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24 October 2000

The Daily update: Chris Matthews—no, really—gets it right!

Synopsis: No, dear friends, that isn't a misprint. When Alan Simpson dissembled about Gore, Chris Matthews—the same—got it right!

Commentary by Alan Simpson, Michael Dukakis, Chris Matthews
Decision 2000, MSNBC, 10/17/00


The third debate would soon begin. Alan Simpson was fuming away, as is his wont, about Gore. He spoke with Michael Dukakis:

SIMPSON: Look at some of the hammers he threw at you in the [1988] debates. He brought up Willie Horton, that's a subject that hurt you badly, and Al Gore brought that up first, not George Bush.

When it comes to Gore, Simpson loves to dissemble. Dukakis responded:

DUKAKIS: That is not true—

SIMPSON: New York primary. There it was—

DUKAKIS: Alan, Al Gore never did what George Bush did on that issue and you know it.

Indeed, Simpson does know it. The fact is, he just doesn't care—it's the hallmark of an open dissembler. In a New York debate in March 1988, Gore criticized Dukakis for his Massachusetts furlough plan, in which several furloughed prisoners (serving life sentences) had committed major crimes. But Gore never mentioned Willie Horton by name; never mentioned anyone else by name; never mentioned the race of any offender; and never ran an ad on the subject. The "hammer he threw" consisted of one exchange in one debate. There were 42 debates on the 1987-88 Dem schedule.

But Honest Alan loves to dissemble. And incredibly, Chris Matthews occasionally reverts to who he once was, before he reinvented himself at the person he now pretends to be. (Does he even know who he is any more? Frankly, we're no longer certain.) On this occasion, Matthews stepped in, and challenged what his slick guest had said:

MATTHEWS: I have to say it was not exactly true, what you said, Senator Simpson. It is true that Al Gore brought up the furlough program in Massachusetts, but he never gave it a personality of such ethnic strength as Willie Horton. He didn't do that.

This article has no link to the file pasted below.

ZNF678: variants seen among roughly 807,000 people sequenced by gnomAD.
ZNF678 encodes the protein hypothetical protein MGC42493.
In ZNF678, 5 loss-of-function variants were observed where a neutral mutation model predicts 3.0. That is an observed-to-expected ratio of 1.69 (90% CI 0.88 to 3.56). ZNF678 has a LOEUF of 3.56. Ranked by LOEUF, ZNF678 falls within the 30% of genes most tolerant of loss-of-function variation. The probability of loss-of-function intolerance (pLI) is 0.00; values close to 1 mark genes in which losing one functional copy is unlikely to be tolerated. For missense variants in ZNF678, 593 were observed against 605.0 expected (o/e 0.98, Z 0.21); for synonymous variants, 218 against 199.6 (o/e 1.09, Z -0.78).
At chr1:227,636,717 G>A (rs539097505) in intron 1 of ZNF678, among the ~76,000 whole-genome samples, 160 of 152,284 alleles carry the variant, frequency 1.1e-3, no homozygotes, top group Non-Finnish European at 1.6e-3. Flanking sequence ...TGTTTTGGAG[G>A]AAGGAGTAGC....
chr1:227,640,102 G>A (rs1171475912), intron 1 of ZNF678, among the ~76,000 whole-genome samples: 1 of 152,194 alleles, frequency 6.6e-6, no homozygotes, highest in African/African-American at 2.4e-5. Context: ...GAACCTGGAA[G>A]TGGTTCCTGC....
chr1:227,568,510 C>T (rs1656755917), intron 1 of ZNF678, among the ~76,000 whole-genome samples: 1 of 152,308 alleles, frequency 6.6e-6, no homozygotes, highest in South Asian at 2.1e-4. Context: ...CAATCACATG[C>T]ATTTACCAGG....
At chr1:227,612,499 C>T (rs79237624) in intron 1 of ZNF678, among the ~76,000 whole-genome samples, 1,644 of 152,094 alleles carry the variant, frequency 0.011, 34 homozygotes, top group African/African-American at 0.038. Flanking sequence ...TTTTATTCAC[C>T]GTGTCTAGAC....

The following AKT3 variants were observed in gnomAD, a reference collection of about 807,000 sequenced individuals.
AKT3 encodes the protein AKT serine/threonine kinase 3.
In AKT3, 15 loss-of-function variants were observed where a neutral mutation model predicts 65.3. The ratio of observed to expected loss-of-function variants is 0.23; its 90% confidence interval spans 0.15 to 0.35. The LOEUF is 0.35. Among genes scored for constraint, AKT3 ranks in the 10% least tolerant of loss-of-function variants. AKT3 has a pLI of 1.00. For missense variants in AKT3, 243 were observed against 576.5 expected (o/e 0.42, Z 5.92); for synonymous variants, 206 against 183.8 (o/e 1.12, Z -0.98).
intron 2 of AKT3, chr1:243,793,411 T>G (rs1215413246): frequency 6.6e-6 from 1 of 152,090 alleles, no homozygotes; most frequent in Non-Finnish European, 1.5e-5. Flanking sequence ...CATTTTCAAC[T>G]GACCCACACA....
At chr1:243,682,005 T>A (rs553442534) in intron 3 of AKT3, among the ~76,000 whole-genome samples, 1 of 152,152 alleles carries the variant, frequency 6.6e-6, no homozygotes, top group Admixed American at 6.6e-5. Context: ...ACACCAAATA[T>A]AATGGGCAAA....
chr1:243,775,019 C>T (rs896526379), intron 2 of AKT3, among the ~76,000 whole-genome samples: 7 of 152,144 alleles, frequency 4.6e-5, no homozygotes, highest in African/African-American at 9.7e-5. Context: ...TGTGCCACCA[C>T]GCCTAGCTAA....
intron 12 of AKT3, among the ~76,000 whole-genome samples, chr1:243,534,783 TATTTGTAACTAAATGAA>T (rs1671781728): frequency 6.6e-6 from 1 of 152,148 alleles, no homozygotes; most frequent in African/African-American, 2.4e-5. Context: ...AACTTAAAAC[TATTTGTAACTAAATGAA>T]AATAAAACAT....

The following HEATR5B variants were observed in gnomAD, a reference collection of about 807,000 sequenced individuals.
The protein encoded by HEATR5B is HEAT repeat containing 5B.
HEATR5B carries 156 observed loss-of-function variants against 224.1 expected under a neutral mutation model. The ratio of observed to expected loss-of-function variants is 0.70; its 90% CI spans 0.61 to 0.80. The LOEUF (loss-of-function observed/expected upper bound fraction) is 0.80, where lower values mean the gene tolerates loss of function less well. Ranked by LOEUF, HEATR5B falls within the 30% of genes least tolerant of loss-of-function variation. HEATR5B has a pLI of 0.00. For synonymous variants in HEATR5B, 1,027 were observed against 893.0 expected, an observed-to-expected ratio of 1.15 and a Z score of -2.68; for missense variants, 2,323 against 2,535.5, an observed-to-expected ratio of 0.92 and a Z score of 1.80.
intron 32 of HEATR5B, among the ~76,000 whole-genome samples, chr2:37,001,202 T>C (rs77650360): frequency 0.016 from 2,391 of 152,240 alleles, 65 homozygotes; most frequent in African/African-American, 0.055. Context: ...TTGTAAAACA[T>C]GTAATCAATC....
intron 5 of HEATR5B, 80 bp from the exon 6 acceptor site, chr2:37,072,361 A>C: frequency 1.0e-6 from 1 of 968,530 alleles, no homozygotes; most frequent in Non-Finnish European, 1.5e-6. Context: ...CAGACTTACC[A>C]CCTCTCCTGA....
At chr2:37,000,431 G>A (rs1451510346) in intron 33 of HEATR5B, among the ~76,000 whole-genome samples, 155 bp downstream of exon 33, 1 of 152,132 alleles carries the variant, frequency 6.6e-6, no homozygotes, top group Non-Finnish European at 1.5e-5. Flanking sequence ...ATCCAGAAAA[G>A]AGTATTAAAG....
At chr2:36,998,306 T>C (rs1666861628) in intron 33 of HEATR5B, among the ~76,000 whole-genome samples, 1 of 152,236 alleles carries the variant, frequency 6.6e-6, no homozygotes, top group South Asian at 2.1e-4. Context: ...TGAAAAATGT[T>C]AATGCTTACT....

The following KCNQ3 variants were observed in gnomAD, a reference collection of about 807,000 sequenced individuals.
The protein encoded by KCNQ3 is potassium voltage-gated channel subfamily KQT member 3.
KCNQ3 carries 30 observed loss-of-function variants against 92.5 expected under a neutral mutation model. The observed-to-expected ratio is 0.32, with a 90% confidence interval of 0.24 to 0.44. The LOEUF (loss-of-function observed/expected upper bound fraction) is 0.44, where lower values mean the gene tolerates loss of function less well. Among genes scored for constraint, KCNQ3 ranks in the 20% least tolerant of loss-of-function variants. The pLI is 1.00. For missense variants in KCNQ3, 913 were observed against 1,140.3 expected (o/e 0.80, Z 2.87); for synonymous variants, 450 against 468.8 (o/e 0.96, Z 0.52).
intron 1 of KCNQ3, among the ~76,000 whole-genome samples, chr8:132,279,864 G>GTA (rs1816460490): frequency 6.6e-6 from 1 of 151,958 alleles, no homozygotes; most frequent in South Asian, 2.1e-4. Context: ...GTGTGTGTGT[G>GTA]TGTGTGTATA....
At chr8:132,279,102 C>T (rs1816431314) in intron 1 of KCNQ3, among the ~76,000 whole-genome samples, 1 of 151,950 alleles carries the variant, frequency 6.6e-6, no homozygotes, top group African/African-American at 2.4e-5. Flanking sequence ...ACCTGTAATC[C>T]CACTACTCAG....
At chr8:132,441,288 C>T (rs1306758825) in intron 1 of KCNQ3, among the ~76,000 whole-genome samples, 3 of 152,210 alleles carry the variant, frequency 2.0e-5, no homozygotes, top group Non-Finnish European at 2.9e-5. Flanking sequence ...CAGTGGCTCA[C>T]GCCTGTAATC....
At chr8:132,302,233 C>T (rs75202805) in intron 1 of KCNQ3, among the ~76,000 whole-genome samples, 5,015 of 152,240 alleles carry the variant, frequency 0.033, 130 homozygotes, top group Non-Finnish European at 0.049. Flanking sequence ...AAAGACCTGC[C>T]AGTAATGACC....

What in the world had gotten into Chris? Simpson dissembled further:

SIMPSON: The issue was brought up first by Al Gore—

MATTHEWS: Right. The issue, but not the man.

SIMPSON: And that turned into Willie Horton. That's what I said.

And of course, that isn't what Simpson said. But dissemblers just love to dissemble.

On the trail, Simpson has been spreading another canard—the claim that Gore "sold his vote" on the Gulf War, based on which side would give him more TV time to orate about his decision. The charge strikes us as absurd on its face—even if we assume that Gore is a scheming pol, what pol would decide so transforming a vote on such a fleeting advantage? At any rate, in his Gore bio, David Maraniss said the charge "evaporates under scrutiny;" biographers Turque and Zelnick didn't even bother to address it. One can only guess that Simpson has been told not to air the charge on MSNBC; though he aired the canard on Hardball last year, he never brings it up any more, though he keeps saying it out of the trail. At any rate, we do applaud the old-and-improved Matthews for his work last Wednesday night. How different his regular program would be if its reinvented host did this a little more often—performed a journalist's normal tasks and dropped all the rants and the pandering.

Gave us the willies: In this campaign, it was Bill Bradley who committed the greatest misconduct on the Willie Horton matter. Last winter, Bradley began saying that Gore had introduced race into the 1988 campaign by bringing up Willie Horton. Unfortunately, Bradley had said exactly the opposite in his 1997 book, Time Present, Time Past. In our view, this was the most egregious howler of the campaign, but the obedient press corps knew not to mention it. In their official "story line," they had cast the Olympian Bradley as the straight-talking, soulful authentic. Bradley's ugly reversal went straight down their memory hole, but the ex-hopeful's conduct is worth re-exploring. See THE DAILY HOWLER, 1/21/00 and 2/7/00. For background, see THE DAILY HOWLER, 12/22/99.